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Friday, July 19th, 2024
the Week of Proper 10 / Ordinary 15
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Bible Commentaries
2 Corinthians 7

Orchard's Catholic Commentary on Holy ScriptureOrchard's Catholic Commentary

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Verses 1-16

VII 1. A milder tone. But the content of the verse is very serious for ’defilement of flesh and spirit’ seems clearly to imply that some Christians, after conversion, had been guilty of both pagan worship and pagan unchastity. 2. He now returns to the subject of mutual confidence. ’Receive us’: ’Make room for us’ (in your hearts), do not, shut the door against us, cf. 6:12. ’We have injured . . .’: three sentences which either deny false accusations or denounce the False Apostles or perhaps both. 3. ’We have said before’ seems to refer to 3:2 above.

4-16 Titus’s Report on his Visit to Corinth, and St Paul’s Joy —He now takes up the narrative of recent events just where he had dropped it at 2:13 (q.v.) and then puts aside, for the moment, every thought except that of his immense happiness because the majority of the Corinthians had proved loyal to him. in the hour of crisis. It is the tender joy of the prodigal’s father, or of the shepherd, a joy that seems almost to make light of the sin.

4. Probably: ’I speak with great frankness to you, I speak with great pride about you . . . after all our tribulation’. Note the ease with which ’I’ becomes ’we’ and vice versa throughout the epistle.

5. Continuation from 2:13. There he spoke of his spirit, here of his flesh, but in these passages both words seem to mean the whole man, though they often are opposed terms. ’Combats’: we do not know what troubles this refers to. 6. ’the humble’: ’the miserable or helpless’.7. Relating’: meaning practically ’for he related your desire to see Paul aud to please him. ’Your mourning’ their sorrow for their transgressions.

8-9. Another picture of severity inspired by true charity, as in 2:2. ’If I did repent . . .’, i.e. when Titus first related their bitter contrition, Paul feared he had been too severe in the First Epistle, but later he felt that the good accomplished was well worth the pain.

’For a time’: God does not desire the pain of contrition to last after it has served its purpose. ’Unto penance’: ’in a way that led to repentance’. ’According to God’: ’In God’s way’, the spiritual, supernatural way, not ’according to man’ or ’according to the flesh’—Paul’s regular expressions for life lived on the natural or worldly level. ’Damage’: that they might be gainers, not losers, by his severity. But it may mean ’that we may not need to inflict punishment on you’. 10. Penance steadfast unto salvation’: a slight play on words ’Repentance not to be regretted and leading to salvation’. But possibly it means: ’a better mind leading to a salvation which cannot be bettered’. ’The sorrow of the world’, e.g. the torture of jealousy, offended pride, disappointed ambition, etc.

11. ’Carefulness’: ’ What keen zeal or energy) it has inspired in you’. ’Defence’: i.e. pleas in defence of their conduct as far as it was innocent. ’Indignation’ against the guilty ones among them, and probably in particular against the False Apostles. ’Fear’ of Paul’s anger, ’Desire’ to see him. ’Revenge’: ’retribution, infliction of punishment’ on notorious offenders, such as the incestuous man. ’To be undefiled’: he cannot mean that they have proved that they never were to blame, but either that they were rid of the fault now or that a large number of them had been guilty of apathy and thoughtlessness rather than malice.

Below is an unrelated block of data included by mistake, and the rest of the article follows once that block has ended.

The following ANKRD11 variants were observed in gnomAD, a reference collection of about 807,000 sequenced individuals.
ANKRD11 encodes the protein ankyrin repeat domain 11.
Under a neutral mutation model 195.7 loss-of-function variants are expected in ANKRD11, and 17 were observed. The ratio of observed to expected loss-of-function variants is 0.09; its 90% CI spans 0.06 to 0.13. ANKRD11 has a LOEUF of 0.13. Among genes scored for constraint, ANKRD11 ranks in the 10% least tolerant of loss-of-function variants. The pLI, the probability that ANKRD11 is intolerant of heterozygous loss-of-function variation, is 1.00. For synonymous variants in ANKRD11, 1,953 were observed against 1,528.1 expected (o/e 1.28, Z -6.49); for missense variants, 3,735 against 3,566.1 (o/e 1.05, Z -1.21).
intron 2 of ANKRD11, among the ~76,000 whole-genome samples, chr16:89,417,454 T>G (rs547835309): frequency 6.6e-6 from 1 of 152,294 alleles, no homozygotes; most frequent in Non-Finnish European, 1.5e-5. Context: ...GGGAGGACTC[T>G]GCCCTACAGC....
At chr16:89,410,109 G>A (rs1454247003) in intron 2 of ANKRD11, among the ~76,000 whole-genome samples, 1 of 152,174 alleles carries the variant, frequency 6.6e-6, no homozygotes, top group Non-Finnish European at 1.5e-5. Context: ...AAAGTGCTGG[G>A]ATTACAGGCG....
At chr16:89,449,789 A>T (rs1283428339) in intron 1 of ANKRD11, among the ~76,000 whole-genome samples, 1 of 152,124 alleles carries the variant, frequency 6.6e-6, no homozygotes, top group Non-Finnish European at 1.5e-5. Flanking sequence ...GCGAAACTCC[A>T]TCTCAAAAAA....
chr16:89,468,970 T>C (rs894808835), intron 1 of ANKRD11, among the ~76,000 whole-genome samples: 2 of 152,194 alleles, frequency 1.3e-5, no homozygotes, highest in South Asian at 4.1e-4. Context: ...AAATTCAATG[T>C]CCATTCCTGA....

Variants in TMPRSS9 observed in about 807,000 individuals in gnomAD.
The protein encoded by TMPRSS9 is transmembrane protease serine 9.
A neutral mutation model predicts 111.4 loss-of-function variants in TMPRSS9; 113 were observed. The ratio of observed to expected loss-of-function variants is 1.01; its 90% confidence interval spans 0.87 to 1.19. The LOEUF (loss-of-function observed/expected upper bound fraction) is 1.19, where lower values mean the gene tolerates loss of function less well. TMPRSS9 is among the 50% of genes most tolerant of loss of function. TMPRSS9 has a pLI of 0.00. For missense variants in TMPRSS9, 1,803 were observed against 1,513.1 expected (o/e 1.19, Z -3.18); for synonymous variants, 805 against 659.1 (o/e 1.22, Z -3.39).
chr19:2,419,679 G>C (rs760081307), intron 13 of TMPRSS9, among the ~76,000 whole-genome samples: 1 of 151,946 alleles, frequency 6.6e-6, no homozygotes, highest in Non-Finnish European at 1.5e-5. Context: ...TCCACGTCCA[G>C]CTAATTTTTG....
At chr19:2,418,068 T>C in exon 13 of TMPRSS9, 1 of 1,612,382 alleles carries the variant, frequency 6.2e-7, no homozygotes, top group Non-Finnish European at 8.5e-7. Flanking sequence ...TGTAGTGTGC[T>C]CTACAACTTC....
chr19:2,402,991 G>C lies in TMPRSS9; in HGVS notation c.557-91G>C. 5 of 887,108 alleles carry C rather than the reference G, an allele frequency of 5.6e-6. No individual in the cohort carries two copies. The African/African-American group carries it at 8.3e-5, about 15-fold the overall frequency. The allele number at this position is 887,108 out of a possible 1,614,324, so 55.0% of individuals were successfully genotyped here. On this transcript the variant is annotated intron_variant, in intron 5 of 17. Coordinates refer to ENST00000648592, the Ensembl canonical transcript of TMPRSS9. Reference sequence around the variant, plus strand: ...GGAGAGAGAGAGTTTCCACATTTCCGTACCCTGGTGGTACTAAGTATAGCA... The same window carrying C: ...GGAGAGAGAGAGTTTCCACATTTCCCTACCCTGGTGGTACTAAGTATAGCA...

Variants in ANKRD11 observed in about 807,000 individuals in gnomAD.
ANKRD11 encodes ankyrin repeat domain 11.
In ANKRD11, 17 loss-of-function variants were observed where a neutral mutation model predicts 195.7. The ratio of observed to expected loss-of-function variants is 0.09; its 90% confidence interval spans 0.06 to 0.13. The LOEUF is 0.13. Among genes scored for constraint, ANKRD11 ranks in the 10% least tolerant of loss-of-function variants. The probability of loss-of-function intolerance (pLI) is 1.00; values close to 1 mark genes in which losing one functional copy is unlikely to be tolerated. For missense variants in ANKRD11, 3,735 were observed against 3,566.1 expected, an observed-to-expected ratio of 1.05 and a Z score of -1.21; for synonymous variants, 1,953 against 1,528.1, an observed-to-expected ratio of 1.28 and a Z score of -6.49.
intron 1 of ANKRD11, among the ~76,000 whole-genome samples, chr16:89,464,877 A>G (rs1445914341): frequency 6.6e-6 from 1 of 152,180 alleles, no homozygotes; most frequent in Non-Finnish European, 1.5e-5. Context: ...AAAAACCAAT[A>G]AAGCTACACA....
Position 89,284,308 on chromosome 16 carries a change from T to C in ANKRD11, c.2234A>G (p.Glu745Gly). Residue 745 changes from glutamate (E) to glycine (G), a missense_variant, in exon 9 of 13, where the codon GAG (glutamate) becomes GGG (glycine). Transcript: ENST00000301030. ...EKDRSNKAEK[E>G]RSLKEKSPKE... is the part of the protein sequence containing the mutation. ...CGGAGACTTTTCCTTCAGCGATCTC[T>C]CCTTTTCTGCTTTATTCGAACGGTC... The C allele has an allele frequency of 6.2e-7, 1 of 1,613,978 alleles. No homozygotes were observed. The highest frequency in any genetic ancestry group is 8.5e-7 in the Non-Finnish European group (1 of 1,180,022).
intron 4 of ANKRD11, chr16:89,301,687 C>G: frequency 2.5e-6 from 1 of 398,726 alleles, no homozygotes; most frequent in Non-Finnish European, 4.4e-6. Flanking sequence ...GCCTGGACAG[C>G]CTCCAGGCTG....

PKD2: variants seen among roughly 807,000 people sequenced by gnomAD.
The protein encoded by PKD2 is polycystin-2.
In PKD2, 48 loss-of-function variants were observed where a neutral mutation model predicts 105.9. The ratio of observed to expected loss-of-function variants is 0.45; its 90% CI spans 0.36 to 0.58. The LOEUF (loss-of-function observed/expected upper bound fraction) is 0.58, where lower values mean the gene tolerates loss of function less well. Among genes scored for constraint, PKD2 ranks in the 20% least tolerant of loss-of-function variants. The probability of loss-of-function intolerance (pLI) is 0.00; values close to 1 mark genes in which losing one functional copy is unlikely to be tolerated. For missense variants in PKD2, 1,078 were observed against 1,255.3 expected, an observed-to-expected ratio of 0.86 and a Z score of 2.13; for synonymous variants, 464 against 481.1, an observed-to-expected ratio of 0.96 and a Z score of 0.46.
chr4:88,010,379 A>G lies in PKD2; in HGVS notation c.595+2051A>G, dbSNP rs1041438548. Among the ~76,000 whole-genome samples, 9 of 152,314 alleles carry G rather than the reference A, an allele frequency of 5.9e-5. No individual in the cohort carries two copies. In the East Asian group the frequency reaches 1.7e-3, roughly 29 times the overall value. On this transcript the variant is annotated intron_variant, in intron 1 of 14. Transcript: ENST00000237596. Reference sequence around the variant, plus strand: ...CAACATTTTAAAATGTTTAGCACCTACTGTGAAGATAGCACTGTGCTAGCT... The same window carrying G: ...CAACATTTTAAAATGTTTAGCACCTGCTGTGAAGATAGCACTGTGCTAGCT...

12. ’For his sake . . .’ It is not likely, on the whole, that this refers to the incestuous marriage. The one who suffered wrong is very likely Paul himself, as the victim of slander, and the author of the wrong will then be some outstanding person among the False Apostles’ party. Or the singular is used for a class or group of persons: ’the wrongdoers’. In any case the not is best taken as not so much, for the correction of individuals certainly was one object of his letter. He must mean that his chief purpose was to regain the majority. ’Our carefulness’. This gives an easy meaning, but some of the best manuscripts read: ’in order that your devotion to us might be made apparent to yourselves in God’s sight’, i.e. petty human considerations had misled them, but his letter forced them to search their consciences, to look at the matter from God’s standpoint, to choose between Paul and his enemies: they discovered that they must side with Paul.

13. ’Therefore:’ ’That is why we are consoled’. ’In our consolation:’ Perhaps ’over and above our own consolation’. The ’all’ here and in v 15 must not be pressed, in view of 6:11-7:3. It is what he wishes and appeals for, rather than a present fact.

14. ’Whatever words of praise I spoke to him of you’. The natural conclusion from this is that Titus had not previously been to Corinth. ’As we have spoken . . .’: Very condensed: ’The kind words which I spoke to Titus about you have proved true in spite of my own fears. Believe then that there is equal truth (i.e. honesty and faithfulness) in every word I have ever said to you (in spite of my severity and other men’s slander)’.

15. ’Bowels’: ’his kindness or sympathy’.

Bibliographical Information
Orchard, Bernard, "Commentary on 2 Corinthians 7". Orchard's Catholic Commentary on Holy Scripture. https://www.studylight.org/commentaries/eng/boc/2-corinthians-7.html. 1951.
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